Research in Motion is staking its future on the long-delayed-but-finally-upcoming BlackBerry 10, and it's plunking down millions for a 30-second Super Bowl ad hawking the operating system.
It's RIM's first-ever Super Bowl commercial, and while the company didn't say how much it spent, Super Bowl broadcaster CBS previously told CNNMoney that 30-second spots are going for a record high of at least $4 million.
RIM will unveil the BlackBerry 10 platform at events on Wednesday, as well as the first two devices to run on the new platform. It's been a long time coming: The software had previously been slated for release in early 2012, which was pushed to late 2012, and again to the first quarter of 2013.
While delays in tech do happen, the news was damning for the struggling RIM because BlackBerry 10 is meant t to be the crown jewel of the company's turnaround plan. Critics wondered if RIM would even survive long enough to launch the OS.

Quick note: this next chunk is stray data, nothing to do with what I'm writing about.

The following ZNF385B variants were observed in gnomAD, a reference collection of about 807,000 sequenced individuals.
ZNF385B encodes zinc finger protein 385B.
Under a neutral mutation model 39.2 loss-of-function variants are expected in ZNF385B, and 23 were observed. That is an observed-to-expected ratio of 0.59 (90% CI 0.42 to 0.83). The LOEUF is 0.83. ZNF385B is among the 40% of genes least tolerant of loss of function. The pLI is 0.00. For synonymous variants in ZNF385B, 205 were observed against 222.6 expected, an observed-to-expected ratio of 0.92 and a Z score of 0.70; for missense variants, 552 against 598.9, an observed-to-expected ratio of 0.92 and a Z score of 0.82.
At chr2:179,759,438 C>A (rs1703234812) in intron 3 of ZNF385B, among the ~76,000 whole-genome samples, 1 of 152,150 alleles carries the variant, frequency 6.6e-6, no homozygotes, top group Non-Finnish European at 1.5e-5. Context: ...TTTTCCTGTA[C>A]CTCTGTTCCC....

Now that launch day is nearly upon us, RIM is doing all it can to market BlackBerry 10. In addition to the Super Bowl ad, RIM said it will push BlackBerry via online ads and on social networks before and after the game. Launch day on Wednesday includes BlackBerry events around the globe.
So RIM will survive to see BlackBerry 10 launch, but the delay has left the company stuck in a holding pattern. Everyone from Apple to Nokia to Microsoft released new gadgets in the fall, but RIM was essentially forced to wait for the BlackBerry 10 software before selling any significant new hardware.
The company has said BlackBerry 10 will run on a smaller number of devices with essential smartphone features: a much-improved camera, a modern Web browser and social-networking integration. The software will allow customers to access e-mail with one swipe from any app, and it will shift automatically between personal and corporate modes.
RIM's main problem is its lost stronghold in the corporate market, where it once dominated. Rather than issuing company BlackBerries, many employers now have workers bring their own devices into work, usually Apple's iPhone and Google's Android devices.